‘Lost’ Doctor Who episode The Tenth Planet part four to get animated regeneration

The key missing episode of the First Doctor's final story is to be resurrected via 'Thetamation' for DVD release later this year


Classic Doctor Who story The Tenth Planet is to have its long-lost fourth episode brought back to life via animation for a new DVD release.


Originally broadcast in 1966, The Tenth Planet is one of the most significant stories in Doctor Who history. As well as introducing viewers to the Cybermen, it was also the last serial to feature First Doctor William Hartnell, and part four contained the Time Lord’s first ever regeneration.

But while the episodes one to three of The Tenth Planet are all safely held in the BBC’s vaults, the fourth went missing during the 1970s. All that currently remains of part four is its soundtrack, some stills and a brief clip of the episode’s regeneration scene (see below).

Speaking at the Gallifrey One convention this weekend, Dan Hall, who commissions the classic Doctor Who DVD range, said: “It’s a real thrill to be bringing such an iconic Doctor Who episode back to life.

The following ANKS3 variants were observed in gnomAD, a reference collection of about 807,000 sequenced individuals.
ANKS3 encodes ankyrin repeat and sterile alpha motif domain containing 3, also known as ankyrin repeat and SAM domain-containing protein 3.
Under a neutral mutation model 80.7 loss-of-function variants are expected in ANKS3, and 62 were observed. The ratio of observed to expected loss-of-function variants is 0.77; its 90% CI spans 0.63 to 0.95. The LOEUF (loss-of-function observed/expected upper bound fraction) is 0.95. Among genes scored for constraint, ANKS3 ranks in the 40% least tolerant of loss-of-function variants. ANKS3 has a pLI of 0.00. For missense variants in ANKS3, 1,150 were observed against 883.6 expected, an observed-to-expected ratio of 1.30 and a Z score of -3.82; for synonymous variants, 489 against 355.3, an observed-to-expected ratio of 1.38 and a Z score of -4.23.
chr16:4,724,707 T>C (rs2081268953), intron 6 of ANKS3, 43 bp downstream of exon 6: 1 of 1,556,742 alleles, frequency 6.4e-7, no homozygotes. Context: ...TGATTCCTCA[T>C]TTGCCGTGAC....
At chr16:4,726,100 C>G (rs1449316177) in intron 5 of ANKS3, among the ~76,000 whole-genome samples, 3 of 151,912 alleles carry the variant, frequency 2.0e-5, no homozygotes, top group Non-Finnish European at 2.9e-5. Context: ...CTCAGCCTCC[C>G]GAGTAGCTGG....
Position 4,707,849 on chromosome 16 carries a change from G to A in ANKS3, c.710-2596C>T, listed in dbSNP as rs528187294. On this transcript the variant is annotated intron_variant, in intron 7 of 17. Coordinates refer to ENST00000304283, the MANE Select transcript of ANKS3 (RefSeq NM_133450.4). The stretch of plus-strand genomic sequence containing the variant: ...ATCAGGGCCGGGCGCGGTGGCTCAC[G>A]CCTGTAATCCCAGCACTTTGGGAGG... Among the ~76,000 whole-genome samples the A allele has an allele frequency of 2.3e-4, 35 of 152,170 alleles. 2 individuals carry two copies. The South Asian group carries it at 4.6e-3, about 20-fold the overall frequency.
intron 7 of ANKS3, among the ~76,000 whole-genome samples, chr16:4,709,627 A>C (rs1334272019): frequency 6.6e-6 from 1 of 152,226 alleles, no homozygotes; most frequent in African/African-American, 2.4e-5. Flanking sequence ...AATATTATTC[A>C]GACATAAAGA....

“Without the events established in The Tenth Planet episode 4, there would be no Doctor Who as we know it!”

The episode will be reconstructed using Thetamation, an animation technique which involves collaborators from around the world working online and mixing traditional line drawing with cutting edge compositing, editing, special effects and storytelling techniques.

Thetamation was recently used to re-create the missing fourth and fifth episodes of The Reign of Terror, another First Doctor serial, which was released on DVD in January.

See a selection of stills showing The Tenth Planet part four undergoing the Thetamation process at doctorwho.tv. The serial is slated for release on DVD in late 2013. 

Watch the regeneration scene from The Tenth Planet below:


Meanwhile, RadioTimes.com has announced the first official confirmation that Reece Shearsmith is to protray Second Doctor Patrick Troughton in An Adventure in Space and Time, Mark Gatiss’s drama about the birth of the show.